How do you think the balances of power in Europe are changing after Brexit?
I liked this treaty because, in my opinion, it also involves Spain. I am convinced that the tragedy of Europe is unanimity. The Franco-German treaty, the Franco-Italian treaty, say that together we must do more. It is time for France, Italy, Germany and Spain, the four great European countries, to do something more together in foreign and defense policy. If they do, immediately many others will sign up and Europe will begin to move. I know very well that it would be better if all 27 moved together, but since this cannot happen, we cannot stand still. We cannot tolerate that in a country like Libya, Turkey, with a lower GDP than Spain, and Russia, with a lower GDP than Italy, rule. It is not tolerable.
We are at a time when Brussels has serious problems with Hungary and Poland…
With unanimity, all the dwarves feel giants.
Was the 2004 EU enlargement a mistake?
I was president of the Commission to 15 and 25 countries. The political strategy problems were all with the UK, not with the eastern countries. They have no alternative. Poland gives us a lot of problems, but when you do a poll, 90% of Poles want to stay in the EU. In the United Kingdom it was not like that, because in their head they had the idea of the American alternative, which then does not exist, because if the United States must choose between the United Kingdom and the EU, it will choose Europe. The eastern countries teach us that democracy is heavy, it requires training, it is slow, but rest assured because in a few years Poland will be collaborative and democratic. For that, it is necessary for others to move: then Poland will continue and change.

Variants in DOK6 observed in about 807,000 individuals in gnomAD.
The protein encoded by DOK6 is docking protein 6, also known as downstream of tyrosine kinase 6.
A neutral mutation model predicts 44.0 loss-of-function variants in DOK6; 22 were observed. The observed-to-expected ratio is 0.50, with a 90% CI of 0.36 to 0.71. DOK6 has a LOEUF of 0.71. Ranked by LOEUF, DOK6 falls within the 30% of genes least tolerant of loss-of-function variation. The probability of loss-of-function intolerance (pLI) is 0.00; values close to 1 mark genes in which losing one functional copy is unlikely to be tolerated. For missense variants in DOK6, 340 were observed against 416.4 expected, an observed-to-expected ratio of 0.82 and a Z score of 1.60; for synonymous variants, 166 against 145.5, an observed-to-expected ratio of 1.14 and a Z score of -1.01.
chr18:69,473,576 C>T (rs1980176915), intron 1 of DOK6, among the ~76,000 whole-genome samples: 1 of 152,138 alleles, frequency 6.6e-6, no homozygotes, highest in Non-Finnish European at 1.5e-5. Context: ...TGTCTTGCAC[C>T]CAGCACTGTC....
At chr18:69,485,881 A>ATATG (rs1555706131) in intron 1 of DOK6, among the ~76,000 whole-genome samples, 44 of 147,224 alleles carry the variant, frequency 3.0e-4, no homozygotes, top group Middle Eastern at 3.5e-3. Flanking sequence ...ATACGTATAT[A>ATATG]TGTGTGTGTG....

Would it be positive for Poland and Hungary to enter the euro?
In the conditions of the euro, yes. This will happen in the future. The euro has not lost any member, not even in the great crisis, and new ones are always arriving. If there is a serious management of the euro and from one day to the next they will come. The euro that works gives the sense of what Europe should be, it needs to be strong, and I repeat, it is necessary that the four countries that I have named, including Spain, take a leap forward.
In Italy the battle for the presidency of the Republic has already begun. This week Prime Minister Mario Draghi seemed to show his availability. Would you like him to be head of state?
He would be a guarantee of a serious authority for seven years. Draghi must decide whether he will spend one year in direct power, as Prime Minister, or seven years in authority, as President of the Republic. He is a very influential figure in Italy. He is more than a constitutional monarch as in Spain or more than the president of the German Republic. In moments of crisis he has a decisive value in Italy. Having Draghi reassures me, and I interpret this week’s speech as an availability that did not exist until then.
The other person who wants the position is Silvio Berlusconi. It is his big dream. Would Europe see it well?
It is highly unlikely. Europe may not take him into account. He is in a difficult moment at the polls and also … I am 82 years old and I have said that I am too old. He has some more than me. He perhaps has a concept of providence different from mine.